wind turbines in Austria, and I mean A LOT, and we “Glückspilze” (literally: lucky mushrooms, similar to lucky
ducks) got a guided tour of one to see the view from the top -- during a sunset no less.
Vineyard near Vienna – Can you see all those far-away wind turbines?
While we trekked across Vienna, I learned that students are
admitted free of charge to its museums. This made me want to visit
all the museums possible, but alas - I only managed to see the
Belvedere… twice… and loved it both times. The world-renowned
painting “The Kiss” by Gustav Klimt hangs here, but it was not
Klimt that was the highlight for me, it was Egon Schiele that caught
my attention and held it.
Schloss Belvedere and Schiele’s “Vier Bäume”
Having seen these two wonderful pieces, only one thing could make the day better: soup, in this case a coconut curry
dream. Not only did we visit the capital city but also some of the surrounding areas, including partially reconstructed
Roman ruins at Carnuntum, and the house where Franz Joseph Haydn was born. After seeing Wolfgang Amadeus
Mozart’s grave, exploring some of Vienna's catacombs, churches, museums, royal houses, and even the royal jewels, I
left Austria with quite a few trinkets and reminders.
Left: Haydn’s birthplace; right: Mozart’s grave
The day following our return to Hannover and Estorf, we had to pack for our next vacation in Denmark. But
first, there was the Vainstream Rock festival in the city of Münster. Some friends and I found out getting into the
festival grounds was the easy part of the day; figuring out which bands were the ones we wanted to see was another.
Reaching the punk rock bands we liked involved evading the metal/screemo music and obtaining a good view. We
achieved this for all the bands we wanted, and during the dry periods when we just wanted to avoid the type of music
being played, we holed up in a record booth where I purchased some really good music… in vinyl… at a festival… not
one of the smartest things but, hey, they came out of it without any damage. The car ride home was full of “Fußball”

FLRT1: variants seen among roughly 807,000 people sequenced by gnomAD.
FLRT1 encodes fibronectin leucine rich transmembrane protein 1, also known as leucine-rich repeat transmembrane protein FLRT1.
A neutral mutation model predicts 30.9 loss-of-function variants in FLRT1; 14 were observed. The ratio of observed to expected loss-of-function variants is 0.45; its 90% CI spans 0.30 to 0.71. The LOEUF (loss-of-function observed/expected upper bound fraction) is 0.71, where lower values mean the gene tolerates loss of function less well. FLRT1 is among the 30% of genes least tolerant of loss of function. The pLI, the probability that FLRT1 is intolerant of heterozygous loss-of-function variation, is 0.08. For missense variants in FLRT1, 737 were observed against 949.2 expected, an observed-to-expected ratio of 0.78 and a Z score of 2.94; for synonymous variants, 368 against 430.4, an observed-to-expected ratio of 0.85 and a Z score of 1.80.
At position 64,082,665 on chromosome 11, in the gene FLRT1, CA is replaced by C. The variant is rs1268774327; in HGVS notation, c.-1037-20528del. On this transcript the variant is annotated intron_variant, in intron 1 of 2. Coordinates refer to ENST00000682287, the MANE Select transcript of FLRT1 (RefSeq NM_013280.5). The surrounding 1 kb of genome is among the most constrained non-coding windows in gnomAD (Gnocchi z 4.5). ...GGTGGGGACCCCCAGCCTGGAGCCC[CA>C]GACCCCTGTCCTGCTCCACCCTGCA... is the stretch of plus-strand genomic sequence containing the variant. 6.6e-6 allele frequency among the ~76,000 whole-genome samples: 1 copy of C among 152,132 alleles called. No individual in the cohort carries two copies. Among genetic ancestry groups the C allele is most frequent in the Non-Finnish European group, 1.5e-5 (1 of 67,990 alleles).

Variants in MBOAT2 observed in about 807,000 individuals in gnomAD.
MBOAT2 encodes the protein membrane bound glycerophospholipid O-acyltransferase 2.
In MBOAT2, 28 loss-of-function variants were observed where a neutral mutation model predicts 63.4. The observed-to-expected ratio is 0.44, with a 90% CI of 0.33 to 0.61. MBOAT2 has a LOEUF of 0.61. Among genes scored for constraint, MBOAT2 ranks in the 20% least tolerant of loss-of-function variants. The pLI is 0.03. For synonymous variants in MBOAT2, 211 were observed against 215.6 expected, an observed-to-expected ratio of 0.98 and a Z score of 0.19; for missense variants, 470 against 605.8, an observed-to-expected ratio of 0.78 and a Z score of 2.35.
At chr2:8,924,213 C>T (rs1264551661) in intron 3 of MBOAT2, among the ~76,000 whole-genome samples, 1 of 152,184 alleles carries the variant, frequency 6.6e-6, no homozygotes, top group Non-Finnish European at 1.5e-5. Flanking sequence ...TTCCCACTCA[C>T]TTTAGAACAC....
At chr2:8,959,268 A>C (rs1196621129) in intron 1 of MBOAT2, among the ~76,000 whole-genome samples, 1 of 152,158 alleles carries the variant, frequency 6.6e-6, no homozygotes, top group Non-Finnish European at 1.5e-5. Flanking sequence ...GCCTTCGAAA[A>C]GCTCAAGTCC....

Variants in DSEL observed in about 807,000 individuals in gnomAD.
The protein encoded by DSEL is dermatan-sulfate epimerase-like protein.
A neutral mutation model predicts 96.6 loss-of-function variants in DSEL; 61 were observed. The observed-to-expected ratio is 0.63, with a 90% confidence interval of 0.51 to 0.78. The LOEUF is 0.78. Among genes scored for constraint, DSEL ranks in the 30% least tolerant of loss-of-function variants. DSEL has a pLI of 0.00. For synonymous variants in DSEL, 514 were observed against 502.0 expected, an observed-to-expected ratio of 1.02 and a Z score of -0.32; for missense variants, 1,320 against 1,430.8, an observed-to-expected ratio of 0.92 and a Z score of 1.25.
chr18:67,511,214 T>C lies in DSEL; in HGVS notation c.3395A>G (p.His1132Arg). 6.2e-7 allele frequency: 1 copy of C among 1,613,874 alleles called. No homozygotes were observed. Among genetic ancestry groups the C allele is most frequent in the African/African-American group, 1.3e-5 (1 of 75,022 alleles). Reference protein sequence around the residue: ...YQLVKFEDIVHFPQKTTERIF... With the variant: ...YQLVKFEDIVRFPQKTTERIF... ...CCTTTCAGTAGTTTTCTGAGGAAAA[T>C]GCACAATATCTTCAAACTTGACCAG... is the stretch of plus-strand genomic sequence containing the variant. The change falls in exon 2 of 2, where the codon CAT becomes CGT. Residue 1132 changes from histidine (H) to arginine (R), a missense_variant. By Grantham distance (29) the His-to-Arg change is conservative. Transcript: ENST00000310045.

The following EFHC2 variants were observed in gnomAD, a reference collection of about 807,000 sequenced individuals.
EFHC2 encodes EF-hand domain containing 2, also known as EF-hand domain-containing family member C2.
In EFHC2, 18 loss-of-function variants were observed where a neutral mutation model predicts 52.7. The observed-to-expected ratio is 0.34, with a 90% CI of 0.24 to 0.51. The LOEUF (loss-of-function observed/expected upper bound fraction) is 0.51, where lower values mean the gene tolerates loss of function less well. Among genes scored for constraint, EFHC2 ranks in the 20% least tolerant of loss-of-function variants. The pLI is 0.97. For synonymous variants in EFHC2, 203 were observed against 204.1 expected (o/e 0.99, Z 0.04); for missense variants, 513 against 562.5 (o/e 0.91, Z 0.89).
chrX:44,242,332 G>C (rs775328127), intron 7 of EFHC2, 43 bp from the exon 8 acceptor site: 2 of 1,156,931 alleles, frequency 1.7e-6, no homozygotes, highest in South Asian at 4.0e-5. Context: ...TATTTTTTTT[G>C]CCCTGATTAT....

(soccer) talk because while we were at the festival, Simon and Melissa had been at a public viewing area for the
quarterfinals of the “Europameisterschaft” (European Soccer Championship).
The white beaches and white-green dunes of Bokhus (Denmark)
Then off to Denmark! Wolfgang, Simon, Jasper (a friend from Estorf who’ll be an exchange student in the US
in 2016/17), Felix (a Lesemann family relative), and I arrived in Bokhus, a northern Danish town on the North Sea
loved by German tourists for its white beaches. Just minutes after we had gotten into the vacation house and unpacked
the car, we were off to the beach on bikes we found in the garage. While the water was cold and the wind blustery, we
stayed for some time and had our fun. During this week we also went on day trips to Aalborg and Sweden. Alas, I
missed the trip to Sweden because I got sick and had to stay home. Almost every night we played our favorite “Siedler
von Catan” (Settlers of Catan) and a card game, “Wizard”. Aside from various sunburns, a few ticks, and a couple of
washed-up jellyfish, the week in Bokhus was great!
Top: The Five from Estorf in Bokhus – Bottom: The North Sea
I would like to thank all those who have made my wonderful exchange year possible, especially my host
family, their relatives and friends; the Las Cruces-Nienburg Sister Cities Affiliation; the “Freundeskreis Las
Cruces in Nienburg”; my German high school for ten months, Albert-Schweitzer-Schule; and last but not least
my American family.